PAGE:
i-c5bfb74ccc774c0a2d645512ae4c7940-mentors4.gif

The lower your level of education, the less important teachers are as mentors, and the more important clergy is. But even at the lowest levels of education, teachers were significantly more important as mentors than clergy for our readers.

We also took a quick look at gender. Friends and teachers were more important as mentors for women than for men. In general, women seemed to value mentors more than men, even though there were no education or religious belief differences between women and men.

Finally, some readers were curious about the question where we asked about strength of belief. Some atheists and agnostics were reluctant to say they “believed” in those philosophies. So here is a graph showing the relationship between religion and strength of belief. I’ll let you come to your own conclusions.

i-99eb332f82af2ca8769c020ad33764c2-mentors5.gif

Comments

  1. #1 Stagyar zil Doggo
    May 10, 2008

    As you say, Obama may be more like your readers compared to the general American population. But there’s a very important distinction. He’s described himself as having converted from Agnosticism/Atheism to Monotheistic Christianity. The person who guided him through this change of world view would, by any measure, count as very influential indeed in his life.

  2. #2 bg
    May 10, 2008

    That may be true for some, but I converted to neo-paganism from being agnostic a few years back, yet I can’t say that anyone influential from that time in my life actually speaks for me or my personal/political/religious beliefs. Quite the contrary, actually, and, like Obama, I’ve had to distance myself from them. Obama strikes me as the type who can think and speak quite well for himself and that’s one of the reasons why I like him so darned much. I’d be much more worried if he struck me as the type that had a Moral Identity.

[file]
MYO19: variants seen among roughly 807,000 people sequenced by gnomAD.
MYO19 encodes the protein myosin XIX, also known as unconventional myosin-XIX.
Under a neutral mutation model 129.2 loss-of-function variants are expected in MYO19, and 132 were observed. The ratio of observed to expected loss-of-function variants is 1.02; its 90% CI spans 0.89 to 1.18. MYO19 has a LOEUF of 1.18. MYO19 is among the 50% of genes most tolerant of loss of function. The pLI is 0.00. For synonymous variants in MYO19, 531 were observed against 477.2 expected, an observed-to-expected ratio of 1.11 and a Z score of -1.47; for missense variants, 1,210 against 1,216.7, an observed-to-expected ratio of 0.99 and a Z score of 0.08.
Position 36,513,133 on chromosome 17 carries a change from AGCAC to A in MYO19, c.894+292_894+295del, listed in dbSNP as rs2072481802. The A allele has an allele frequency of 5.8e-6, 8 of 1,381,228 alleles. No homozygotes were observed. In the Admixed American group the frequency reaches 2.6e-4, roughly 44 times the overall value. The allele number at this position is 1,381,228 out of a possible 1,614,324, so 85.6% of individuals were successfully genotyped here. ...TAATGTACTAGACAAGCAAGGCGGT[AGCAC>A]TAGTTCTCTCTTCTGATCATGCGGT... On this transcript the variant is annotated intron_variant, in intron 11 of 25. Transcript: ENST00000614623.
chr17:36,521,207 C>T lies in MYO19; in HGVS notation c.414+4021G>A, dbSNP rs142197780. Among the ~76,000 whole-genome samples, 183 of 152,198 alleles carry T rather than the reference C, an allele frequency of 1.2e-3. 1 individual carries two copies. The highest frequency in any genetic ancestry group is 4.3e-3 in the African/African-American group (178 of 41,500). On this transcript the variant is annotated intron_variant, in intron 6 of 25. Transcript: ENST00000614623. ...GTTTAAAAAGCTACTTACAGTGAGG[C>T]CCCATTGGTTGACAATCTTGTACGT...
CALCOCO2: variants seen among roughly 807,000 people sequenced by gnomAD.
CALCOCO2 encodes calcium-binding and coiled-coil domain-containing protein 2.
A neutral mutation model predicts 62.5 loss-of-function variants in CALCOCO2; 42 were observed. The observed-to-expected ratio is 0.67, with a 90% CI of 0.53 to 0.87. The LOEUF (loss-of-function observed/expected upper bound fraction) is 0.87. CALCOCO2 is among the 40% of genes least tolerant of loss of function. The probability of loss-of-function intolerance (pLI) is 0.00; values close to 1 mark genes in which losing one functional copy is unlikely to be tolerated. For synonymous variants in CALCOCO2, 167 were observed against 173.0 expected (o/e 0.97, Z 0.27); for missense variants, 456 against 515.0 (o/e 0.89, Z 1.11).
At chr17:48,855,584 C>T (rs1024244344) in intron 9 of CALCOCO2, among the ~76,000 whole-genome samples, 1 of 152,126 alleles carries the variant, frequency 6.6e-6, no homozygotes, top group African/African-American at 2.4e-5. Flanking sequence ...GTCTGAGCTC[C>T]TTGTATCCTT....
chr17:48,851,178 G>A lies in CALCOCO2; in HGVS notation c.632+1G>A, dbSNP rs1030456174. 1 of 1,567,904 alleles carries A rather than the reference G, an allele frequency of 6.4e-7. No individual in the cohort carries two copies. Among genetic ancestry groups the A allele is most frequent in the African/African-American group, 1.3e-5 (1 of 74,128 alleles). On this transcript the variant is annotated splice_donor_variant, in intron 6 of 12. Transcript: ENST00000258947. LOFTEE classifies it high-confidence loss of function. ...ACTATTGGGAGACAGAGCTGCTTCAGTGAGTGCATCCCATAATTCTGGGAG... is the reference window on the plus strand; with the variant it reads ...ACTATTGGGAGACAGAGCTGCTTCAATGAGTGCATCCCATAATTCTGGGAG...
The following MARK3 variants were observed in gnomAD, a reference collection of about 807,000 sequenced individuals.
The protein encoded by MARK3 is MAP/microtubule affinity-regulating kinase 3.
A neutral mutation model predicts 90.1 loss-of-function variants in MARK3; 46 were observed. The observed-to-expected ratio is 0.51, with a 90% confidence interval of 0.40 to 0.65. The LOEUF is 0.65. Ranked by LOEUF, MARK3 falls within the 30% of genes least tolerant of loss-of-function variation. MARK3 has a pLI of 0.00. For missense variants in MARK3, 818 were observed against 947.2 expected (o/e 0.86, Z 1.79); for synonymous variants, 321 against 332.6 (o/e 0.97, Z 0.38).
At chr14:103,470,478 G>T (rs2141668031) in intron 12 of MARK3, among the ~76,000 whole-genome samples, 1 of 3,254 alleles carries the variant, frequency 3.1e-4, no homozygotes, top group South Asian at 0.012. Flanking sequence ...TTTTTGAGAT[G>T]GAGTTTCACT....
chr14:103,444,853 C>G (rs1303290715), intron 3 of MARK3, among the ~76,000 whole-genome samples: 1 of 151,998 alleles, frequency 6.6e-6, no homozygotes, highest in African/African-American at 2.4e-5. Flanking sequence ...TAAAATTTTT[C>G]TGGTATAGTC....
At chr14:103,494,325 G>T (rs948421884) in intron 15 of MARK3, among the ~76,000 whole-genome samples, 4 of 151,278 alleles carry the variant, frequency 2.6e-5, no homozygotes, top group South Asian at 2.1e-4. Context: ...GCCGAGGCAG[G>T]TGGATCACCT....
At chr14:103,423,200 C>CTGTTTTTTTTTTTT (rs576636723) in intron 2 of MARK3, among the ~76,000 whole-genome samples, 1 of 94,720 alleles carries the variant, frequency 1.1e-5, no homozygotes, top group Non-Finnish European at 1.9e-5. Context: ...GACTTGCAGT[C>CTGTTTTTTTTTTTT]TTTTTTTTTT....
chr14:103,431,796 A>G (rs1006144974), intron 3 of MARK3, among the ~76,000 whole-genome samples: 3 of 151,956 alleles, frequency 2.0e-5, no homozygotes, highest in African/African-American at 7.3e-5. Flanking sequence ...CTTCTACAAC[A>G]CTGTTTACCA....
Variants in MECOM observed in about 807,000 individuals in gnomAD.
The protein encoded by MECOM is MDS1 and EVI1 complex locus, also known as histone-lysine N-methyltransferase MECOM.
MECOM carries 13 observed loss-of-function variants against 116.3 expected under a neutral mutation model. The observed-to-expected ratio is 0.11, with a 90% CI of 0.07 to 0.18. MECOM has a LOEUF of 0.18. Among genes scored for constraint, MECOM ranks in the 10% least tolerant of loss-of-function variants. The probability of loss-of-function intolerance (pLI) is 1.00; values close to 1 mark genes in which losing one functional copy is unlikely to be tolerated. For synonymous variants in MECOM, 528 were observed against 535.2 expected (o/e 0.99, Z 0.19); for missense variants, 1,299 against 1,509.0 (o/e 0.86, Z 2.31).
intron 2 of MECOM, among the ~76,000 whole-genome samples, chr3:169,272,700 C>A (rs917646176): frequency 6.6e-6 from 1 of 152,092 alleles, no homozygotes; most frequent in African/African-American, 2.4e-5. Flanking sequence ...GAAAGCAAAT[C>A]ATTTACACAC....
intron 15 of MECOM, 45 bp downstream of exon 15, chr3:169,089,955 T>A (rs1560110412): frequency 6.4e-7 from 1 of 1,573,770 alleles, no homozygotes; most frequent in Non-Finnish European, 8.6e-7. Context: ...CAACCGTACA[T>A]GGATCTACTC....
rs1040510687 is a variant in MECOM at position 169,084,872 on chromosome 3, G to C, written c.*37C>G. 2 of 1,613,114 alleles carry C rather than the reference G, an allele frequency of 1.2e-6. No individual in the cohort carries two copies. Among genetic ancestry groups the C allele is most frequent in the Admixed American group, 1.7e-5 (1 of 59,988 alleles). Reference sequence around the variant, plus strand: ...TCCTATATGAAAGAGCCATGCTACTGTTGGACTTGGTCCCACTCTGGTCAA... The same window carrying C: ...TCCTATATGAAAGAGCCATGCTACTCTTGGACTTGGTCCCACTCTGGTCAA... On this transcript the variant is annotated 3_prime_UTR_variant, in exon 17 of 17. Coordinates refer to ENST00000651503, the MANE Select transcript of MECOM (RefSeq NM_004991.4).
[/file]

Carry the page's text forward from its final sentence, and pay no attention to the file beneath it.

3. #3 CG
    May 10, 2008

    Fair enough. But there’s a big difference between you belief in neo-paganism and Obama’s belief in Monotheistic Christianity.

  4. #4 Becca
    May 10, 2008

    Reverend Wright was not necessarily responsible for Obama’s change from Atheist/Agnostic to Monotheistic Christianity. From Obama’s book, it sounded like what really forced him to alter his stance was at least as much about the way organized religous groups were improving people’s lives than about their world view/philosophy.

    Of course, there’s also the matter of whether Wright’s comments are
    1) a dangerous and devisive rhetoric that will prevent people from working together for change, or
    2) a spirited indictment of a society that already is deeply divided and continues to systematically exploit it’s most vulnerable members.
    Or whether his comments are both, and reflect a flawed human attempting to lead a moral life of service… in which case, I’m not sure it would be a problem if Obama *did* view him as a source of moral guidance.

  5. #5 James
    May 10, 2008

    I don’t think the last graph is particularly surprising – the higher your level of education the more likely it becomes that your peers will be teachers, so I’d expect some sort of friends / colleagues boost occurring. Conversely if you’ve left school early then a member of the clergy is probably going to fill that ‘professional’ mentoring role as contact with teachers would become minimal.